Rachel emailed back, suggesting that we launch the blog with a series of other articles about trans issus by trans writers. She said that she would like the blog and accompanying articles to 'be a good resource for the transgender community, and to raise awareness' - at no point did she or I mention the Guardian's previous record on transgender. She asked me to suggest some suitable trans writers: amongst others, I put forward Stephen Whittle, Roz Kaveney and Bethany Black, all of whom have since contributed fascinating pieces to the website.
I've had no other involvement in the other trans pieces besides putting names forward. As for my blog entries, I've had complete freedom regarding subject matter and content. The main editorial direction I've been given concerned the second piece, which Rachel said could do with being less theoretical and more personal.
Originally I included some quite explicit theory about rifts within the LGBT community (particularly between the trans community and Stonewall) and was asked to make the piece less theoretical and more personal. Initially, this annoyed me, but the piece worked more better for it – I was challenged to find a way to show how the theoretical issues informed my thoughts and life choices – and I ended up with a much tighter, livelier piece.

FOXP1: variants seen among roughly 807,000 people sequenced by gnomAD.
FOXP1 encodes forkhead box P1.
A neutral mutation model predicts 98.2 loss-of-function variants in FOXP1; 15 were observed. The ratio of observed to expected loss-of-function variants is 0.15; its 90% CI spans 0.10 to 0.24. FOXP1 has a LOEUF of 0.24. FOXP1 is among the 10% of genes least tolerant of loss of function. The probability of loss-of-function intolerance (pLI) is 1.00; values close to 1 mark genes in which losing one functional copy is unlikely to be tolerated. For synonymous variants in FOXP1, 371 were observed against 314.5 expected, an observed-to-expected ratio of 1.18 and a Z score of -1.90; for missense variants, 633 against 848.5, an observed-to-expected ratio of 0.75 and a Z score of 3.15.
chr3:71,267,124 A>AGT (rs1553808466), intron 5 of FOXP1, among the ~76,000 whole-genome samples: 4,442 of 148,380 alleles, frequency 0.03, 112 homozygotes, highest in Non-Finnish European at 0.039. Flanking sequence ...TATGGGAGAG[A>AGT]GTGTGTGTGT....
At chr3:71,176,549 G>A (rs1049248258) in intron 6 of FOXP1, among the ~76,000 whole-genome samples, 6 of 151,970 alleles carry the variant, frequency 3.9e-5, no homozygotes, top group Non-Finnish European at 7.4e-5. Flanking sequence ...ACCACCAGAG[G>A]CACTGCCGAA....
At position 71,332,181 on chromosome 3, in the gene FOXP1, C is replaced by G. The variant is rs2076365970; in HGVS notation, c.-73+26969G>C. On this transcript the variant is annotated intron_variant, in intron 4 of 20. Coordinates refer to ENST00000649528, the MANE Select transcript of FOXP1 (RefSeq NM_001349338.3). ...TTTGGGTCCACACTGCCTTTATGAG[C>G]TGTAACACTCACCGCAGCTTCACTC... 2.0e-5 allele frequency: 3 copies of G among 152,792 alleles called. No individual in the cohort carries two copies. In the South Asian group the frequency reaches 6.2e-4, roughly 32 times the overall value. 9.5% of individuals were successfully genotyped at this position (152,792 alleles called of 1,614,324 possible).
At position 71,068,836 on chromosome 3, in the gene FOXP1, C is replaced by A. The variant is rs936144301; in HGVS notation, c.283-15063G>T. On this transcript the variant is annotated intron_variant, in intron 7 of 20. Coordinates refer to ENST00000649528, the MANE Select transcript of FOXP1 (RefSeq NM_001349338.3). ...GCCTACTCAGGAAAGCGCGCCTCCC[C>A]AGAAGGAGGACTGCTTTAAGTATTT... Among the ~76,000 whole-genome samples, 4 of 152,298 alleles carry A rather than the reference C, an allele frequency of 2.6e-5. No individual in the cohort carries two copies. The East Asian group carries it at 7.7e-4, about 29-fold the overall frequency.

Writing a highly personal set of articles is, politically speaking, the best thing I could have done: feminist/other opponents of transgender people have (as stated above) tended to reduce us to stereotypes and caricatures, ignoring our human experiences, knowing full well that this is the most effective way to make people hate us.